Post by Major A
Just another question: I noticed that the different places in which
heading plays a role (the different indicators as well as the
autopilot) use magnetic and geographic heading at will. Are there any
plans to unify them and/or come up with a convention of what heading
is magnetic and what isn't?
Are you sure? Here's what you should find in the 172:
- The magnetic compass displays magnetic heading, but it is strongly
affected by acceleration and turning errors: it will be accurate
only in straight-and-level steady flight (or sitting flat on the
- The directional gyro is purely relative and doesn't care what it
displays: you can set it to true, magnetic, or anything in-between.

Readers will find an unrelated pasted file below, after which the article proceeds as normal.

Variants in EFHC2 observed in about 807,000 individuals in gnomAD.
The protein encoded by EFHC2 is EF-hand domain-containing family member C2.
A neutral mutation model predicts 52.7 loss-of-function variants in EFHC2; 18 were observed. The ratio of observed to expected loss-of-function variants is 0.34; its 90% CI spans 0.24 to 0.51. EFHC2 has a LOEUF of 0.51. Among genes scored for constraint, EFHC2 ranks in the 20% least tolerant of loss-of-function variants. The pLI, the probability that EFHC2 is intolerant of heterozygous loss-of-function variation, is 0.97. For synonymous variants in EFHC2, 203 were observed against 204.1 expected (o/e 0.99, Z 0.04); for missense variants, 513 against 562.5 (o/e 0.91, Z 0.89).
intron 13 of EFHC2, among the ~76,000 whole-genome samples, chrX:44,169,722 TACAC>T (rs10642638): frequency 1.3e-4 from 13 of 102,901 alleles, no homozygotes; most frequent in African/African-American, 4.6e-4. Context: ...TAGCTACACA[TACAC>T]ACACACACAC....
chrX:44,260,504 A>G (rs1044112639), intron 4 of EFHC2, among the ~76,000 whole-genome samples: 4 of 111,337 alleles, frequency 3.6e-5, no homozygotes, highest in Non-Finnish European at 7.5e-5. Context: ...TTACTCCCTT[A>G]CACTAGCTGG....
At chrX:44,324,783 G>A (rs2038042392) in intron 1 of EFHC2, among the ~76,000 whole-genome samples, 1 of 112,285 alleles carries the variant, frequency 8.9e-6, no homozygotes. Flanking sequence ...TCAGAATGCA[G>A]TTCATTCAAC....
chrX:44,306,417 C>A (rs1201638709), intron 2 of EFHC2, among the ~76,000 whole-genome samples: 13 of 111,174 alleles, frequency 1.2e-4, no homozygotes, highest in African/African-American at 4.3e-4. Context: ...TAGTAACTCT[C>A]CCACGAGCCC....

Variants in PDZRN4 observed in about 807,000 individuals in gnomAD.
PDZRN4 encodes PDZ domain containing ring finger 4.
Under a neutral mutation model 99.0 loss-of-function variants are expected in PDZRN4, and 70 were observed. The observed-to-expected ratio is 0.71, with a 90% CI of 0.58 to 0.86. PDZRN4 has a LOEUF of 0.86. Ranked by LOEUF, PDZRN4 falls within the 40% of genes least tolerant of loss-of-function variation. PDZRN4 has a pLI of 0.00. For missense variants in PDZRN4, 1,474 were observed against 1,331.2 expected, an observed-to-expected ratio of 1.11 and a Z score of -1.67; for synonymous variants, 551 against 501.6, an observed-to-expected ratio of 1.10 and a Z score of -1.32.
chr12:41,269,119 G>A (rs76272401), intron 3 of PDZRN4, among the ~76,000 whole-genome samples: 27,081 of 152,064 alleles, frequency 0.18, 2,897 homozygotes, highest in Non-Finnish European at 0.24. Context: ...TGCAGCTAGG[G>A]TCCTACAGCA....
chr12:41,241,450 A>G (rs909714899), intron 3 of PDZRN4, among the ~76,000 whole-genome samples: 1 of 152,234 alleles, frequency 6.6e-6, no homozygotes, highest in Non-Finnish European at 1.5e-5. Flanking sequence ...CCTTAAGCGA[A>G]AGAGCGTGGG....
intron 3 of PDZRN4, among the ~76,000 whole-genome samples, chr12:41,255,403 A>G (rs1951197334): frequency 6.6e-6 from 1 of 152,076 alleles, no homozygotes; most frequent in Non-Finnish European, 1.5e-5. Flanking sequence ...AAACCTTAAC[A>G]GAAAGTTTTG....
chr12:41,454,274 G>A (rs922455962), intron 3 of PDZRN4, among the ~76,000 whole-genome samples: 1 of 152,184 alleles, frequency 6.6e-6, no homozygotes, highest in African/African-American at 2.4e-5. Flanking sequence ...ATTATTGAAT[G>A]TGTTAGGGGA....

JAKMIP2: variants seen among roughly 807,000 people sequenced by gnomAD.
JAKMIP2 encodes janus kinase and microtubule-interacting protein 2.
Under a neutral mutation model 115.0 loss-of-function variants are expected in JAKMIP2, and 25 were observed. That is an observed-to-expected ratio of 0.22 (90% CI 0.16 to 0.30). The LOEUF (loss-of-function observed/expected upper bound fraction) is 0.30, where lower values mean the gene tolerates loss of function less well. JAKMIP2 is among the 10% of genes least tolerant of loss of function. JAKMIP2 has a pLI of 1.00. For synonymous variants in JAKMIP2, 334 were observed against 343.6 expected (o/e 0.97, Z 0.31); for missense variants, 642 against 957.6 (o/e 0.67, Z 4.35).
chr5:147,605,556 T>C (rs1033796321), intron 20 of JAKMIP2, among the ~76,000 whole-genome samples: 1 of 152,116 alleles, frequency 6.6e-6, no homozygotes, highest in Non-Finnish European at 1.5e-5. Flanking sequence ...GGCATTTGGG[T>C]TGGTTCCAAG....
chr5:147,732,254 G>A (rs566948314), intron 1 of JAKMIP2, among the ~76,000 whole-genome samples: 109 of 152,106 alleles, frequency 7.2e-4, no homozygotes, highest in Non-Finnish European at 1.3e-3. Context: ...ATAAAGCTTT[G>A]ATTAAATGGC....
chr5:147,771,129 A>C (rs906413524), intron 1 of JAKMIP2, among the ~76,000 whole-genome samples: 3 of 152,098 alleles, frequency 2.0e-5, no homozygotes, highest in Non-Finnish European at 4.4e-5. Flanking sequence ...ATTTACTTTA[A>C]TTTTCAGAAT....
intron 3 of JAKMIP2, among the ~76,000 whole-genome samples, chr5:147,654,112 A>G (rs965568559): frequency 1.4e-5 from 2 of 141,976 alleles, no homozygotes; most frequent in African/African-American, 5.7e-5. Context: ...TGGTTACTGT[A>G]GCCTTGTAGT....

It will drift during flight, however, so you have to reset it from
time to time. Its starting point is fairly arbitrary -- make sure
you adjust it to what you want before you take off.
- The autopilot in the 172 tries to keep the orange heading bug at the
top of the directional gyro, period. If you set the DG to the true
heading (as you would in the Arctic), then the autopilot uses true
heading; if the DG has drifted, the AP will be off by the amount of
the drift. Bigger planes have more sophisticated flight-management
systems, but we're not modelling those properly yet.
- The ADF needle simply points to the ADF station (in real life, +/-10
degrees -- it's not all that accurate).
- The VOR indicators show (roughly) what radial the plane is on.
That's not necessarily the direction you're flying, or even exactly
the direction to the VOR.
The only place you can get the true heading directly is the HUD, which
isn't really meant to simulate anything you'll find in a small plane
-- it's just a (useful) developer's tool or a user's toy. Usually it
should be turned off.
All the best,
David Megginson, ***@megginson.com, http://www.megginson.com/